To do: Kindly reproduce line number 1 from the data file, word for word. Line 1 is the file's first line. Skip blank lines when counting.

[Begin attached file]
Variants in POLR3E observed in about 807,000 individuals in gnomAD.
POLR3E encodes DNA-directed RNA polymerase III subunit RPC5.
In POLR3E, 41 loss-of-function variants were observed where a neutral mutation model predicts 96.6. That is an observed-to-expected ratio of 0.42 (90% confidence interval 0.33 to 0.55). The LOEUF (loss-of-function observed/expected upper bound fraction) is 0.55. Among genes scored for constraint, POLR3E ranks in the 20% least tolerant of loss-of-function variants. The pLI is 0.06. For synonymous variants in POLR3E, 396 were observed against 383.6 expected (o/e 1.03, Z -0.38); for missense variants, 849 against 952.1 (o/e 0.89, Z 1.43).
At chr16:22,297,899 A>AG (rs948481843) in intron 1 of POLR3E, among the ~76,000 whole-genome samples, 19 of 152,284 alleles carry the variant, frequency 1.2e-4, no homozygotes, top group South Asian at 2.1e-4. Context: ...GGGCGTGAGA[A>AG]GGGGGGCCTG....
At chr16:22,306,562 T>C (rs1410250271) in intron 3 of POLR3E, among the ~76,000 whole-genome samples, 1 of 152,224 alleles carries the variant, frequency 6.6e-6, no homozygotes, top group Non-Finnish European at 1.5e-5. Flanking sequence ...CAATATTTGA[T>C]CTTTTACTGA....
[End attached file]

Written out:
Variants in POLR3E observed in about 807,000 individuals in gnomAD.